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Пътуване около моя череп

4.09  ·  Rating details ·  931 ratings  ·  55 reviews
Невероятен и смел репортаж на живо за дръзка мозъчна операция, поднесен ни с много ирония и саркастичен хумор. Безподобната история на един сполетян от мозъчен тумор унгарски хуморист, чудодейно оцелял благодарения на жизнения си характер и артистичен плам!
И сега става нещо необичайно. Мисля, че само аз с развалените си очи забелязвам, че професорът стиска устни. Ням
Paperback, 253 pages
Published 2007 by Ерго (first published 1936)
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Average rating 4.09  · 
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Who did the photo editing for this particular New York Review Book? My God, it's dreadful, and by far the most off-putting aspect of the book. The book itself is a fascinating autobiographical account by a well-known member of Hungary's pre-WW II literati who discovers that he has a brain tumor. The text itself is an interesting blend of travel writing, medical memoir, cultural observation, and philosophical inquiry. Karinthy is interested in the effect of his tumor on everything, not just himse ...more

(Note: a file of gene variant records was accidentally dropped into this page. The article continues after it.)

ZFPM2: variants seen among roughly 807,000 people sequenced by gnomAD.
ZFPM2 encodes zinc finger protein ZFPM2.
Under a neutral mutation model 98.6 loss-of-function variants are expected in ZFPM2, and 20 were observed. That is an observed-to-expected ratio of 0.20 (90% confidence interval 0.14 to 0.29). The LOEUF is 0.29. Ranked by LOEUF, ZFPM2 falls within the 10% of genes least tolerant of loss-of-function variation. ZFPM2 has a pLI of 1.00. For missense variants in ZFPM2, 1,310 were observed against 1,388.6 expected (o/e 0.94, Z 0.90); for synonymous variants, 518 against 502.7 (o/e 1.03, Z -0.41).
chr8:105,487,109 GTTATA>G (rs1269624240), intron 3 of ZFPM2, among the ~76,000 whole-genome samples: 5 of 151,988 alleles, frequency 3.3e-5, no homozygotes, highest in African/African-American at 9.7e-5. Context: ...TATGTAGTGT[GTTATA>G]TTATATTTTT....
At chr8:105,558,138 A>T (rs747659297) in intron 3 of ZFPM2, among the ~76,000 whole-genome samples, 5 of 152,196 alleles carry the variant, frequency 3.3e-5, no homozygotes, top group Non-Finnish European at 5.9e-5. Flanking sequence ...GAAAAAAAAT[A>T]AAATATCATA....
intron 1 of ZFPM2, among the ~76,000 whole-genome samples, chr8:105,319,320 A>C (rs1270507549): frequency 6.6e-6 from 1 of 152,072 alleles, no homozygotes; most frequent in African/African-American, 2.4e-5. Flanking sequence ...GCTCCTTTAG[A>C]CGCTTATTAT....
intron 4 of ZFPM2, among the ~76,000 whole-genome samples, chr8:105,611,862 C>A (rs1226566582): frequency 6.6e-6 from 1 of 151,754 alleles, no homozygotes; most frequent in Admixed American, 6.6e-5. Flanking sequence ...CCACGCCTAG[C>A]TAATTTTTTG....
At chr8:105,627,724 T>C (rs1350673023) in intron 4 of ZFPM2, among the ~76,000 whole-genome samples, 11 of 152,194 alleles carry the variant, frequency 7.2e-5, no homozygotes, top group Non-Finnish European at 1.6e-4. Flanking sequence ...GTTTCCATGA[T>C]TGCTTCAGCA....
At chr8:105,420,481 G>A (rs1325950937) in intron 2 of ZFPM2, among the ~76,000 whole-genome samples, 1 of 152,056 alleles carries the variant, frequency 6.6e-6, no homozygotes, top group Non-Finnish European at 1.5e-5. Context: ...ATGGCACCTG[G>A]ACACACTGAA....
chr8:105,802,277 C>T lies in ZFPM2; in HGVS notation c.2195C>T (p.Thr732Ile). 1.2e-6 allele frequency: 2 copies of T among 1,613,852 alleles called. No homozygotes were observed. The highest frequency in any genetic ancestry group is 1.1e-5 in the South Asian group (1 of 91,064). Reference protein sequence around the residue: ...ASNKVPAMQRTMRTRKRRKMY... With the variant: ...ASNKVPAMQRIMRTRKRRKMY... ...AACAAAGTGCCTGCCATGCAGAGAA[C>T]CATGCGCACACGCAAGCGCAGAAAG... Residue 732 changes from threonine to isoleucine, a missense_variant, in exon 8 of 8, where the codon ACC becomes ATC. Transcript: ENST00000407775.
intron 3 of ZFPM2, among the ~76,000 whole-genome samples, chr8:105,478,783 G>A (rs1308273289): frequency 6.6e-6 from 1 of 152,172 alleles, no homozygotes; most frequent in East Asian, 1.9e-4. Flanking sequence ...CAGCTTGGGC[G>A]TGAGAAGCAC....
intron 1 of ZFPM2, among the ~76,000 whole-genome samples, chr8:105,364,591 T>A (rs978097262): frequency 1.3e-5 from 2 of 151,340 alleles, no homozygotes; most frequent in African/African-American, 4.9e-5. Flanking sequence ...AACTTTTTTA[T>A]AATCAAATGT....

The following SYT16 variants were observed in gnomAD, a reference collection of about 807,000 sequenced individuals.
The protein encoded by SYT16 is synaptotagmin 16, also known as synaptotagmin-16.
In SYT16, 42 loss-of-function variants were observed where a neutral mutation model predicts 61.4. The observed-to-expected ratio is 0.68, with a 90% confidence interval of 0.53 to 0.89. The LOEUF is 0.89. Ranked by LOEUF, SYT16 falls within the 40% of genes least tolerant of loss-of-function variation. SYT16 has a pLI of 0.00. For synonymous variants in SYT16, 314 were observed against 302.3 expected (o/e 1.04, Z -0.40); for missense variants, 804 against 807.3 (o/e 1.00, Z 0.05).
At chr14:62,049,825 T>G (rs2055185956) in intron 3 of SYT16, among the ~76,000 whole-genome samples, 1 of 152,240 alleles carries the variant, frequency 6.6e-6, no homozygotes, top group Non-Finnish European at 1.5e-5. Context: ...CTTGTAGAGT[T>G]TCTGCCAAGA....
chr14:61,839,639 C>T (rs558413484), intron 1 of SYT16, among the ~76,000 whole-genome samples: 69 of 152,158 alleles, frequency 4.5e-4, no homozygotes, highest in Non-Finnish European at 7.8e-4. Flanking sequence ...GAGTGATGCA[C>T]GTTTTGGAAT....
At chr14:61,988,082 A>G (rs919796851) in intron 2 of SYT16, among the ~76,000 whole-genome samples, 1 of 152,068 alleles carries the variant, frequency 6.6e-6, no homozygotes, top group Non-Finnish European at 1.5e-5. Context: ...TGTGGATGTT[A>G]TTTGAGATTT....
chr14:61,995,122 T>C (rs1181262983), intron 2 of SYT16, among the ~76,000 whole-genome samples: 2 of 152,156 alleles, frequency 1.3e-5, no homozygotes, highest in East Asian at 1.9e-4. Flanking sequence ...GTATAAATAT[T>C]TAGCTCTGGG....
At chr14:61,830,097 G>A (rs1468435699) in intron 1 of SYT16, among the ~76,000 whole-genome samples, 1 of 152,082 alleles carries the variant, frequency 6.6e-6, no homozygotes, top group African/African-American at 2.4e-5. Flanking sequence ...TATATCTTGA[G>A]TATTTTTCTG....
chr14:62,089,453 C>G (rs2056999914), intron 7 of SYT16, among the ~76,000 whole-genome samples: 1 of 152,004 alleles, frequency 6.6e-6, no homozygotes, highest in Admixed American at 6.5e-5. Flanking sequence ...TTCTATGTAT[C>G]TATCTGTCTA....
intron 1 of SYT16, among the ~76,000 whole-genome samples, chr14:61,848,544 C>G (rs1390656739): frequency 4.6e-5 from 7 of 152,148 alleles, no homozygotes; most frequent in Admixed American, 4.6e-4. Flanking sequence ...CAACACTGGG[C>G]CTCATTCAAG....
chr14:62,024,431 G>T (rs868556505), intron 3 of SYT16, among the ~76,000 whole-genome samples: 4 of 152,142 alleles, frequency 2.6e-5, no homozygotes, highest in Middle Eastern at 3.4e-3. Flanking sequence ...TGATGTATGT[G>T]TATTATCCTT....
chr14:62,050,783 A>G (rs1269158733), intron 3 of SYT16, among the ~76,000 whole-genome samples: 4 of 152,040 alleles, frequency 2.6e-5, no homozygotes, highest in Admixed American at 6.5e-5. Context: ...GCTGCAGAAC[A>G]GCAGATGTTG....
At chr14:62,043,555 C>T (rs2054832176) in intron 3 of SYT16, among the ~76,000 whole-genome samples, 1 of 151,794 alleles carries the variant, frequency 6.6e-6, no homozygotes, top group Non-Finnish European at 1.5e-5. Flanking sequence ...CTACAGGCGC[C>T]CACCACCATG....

I'll first list some interesting things I've learned about Karinthy:
--He was the first to posit the idea that any two people on earth are joined by six degrees of separation, an idea that seems almost ludicrous before the computer age.
--The cafe in which he performed most of his writing, including Journey, is called the Central Cafe, and still functions as it always has. I'm making a point to visit it on our trip to Budapest.
--In Journey, Karinthy makes a seemingly off-hand allusion
Jul 25, 2010 rated it really liked it  ·  review of another edition
People interested in medicine and the history of medicine will enjoy this memoir by a middle-aged man who had a benign brain tumor removed in 1936. Karinthy, a Hungarian writer and journalist, was a bit of a celebrity in his native country and it was thanks to his social connections that he was able to be operated on by one of the best brain surgeons in the world. But the operation and Karinthy's recovery are only a small part of the book; he also covers in detail the months leading up to the op ...more
Sam Bissell
Mar 19, 2016 rated it it was amazing  ·  review of another edition